Canada is developing a reputation as a bellwether of education and startup opportunities for students in the science, technology, engineering and manufacturing fields. For example, The Globe and Mail noted that the University of Waterloo in Ontario is often cited as an equal to MIT in the U.S., and numerous other Canadian universities have admirable STEM pedigrees.
However, the nation is also currently experiencing a shortage in terms of individuals to take jobs in the IT, tech and engineering sectors. In response to this, the government of Canada has developed a number of initiatives to incentivize filling these roles.
Manitoba’s new residency program is among the latest examples of this. According to The PIE News, the province will offer chances at full residency to any international STEM student within its borders who finishes an internship in conjunction with graduate- or doctorate-level studies. Provided they choose to work in jobs directly germane to what they studied, bachelor’s degree holders can also apply.
Upon graduation, these individuals can seek all of the benefits afforded to lawful permanent residents of Canada. Other provinces in the country have similar programs but are not specific to those majoring in STEM-related disciplines.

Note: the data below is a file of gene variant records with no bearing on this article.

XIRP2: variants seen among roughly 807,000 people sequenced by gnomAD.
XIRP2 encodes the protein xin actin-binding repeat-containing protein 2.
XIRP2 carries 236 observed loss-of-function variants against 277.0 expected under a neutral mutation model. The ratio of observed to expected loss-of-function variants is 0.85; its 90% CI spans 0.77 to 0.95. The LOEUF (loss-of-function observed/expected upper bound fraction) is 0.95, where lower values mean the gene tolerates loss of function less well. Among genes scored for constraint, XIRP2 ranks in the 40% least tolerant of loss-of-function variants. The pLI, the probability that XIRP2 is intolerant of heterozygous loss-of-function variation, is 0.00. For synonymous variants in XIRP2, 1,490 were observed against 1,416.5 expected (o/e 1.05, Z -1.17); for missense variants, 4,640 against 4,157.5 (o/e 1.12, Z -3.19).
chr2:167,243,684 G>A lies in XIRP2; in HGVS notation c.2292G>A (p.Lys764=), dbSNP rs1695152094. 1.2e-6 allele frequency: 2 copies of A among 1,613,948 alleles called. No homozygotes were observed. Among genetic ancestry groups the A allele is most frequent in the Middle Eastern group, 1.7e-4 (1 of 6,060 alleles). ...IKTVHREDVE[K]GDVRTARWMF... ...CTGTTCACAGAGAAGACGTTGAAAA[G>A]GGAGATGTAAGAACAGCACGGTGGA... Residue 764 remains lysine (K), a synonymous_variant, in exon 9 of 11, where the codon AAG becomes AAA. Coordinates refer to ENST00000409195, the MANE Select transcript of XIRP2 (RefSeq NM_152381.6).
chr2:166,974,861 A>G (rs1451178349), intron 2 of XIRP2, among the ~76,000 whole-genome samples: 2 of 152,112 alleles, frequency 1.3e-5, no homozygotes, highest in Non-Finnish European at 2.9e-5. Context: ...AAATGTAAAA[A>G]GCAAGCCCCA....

In 2018, businesses in Canada will seek to fill job vacancies in many fields, not merely IT, engineering and tech. Citing data from the Canada Federation of Independent Business, Huffington Post Canada noted that the nation currently has as many as 360,000 unfilled positions.
Personal services accounted for the greatest job-vacancy rate of 2017’s third quarter, at 4.1 per cent. Professional services, an umbrella term that would encompass many IT, tech and engineering positions, had a Q3 vacancy figure of 2.7 per cent, just below the Canadian national average of 2.8 per cent. The unemployment rate, however, hit a low not seen since 2008, of just 5.9 per cent.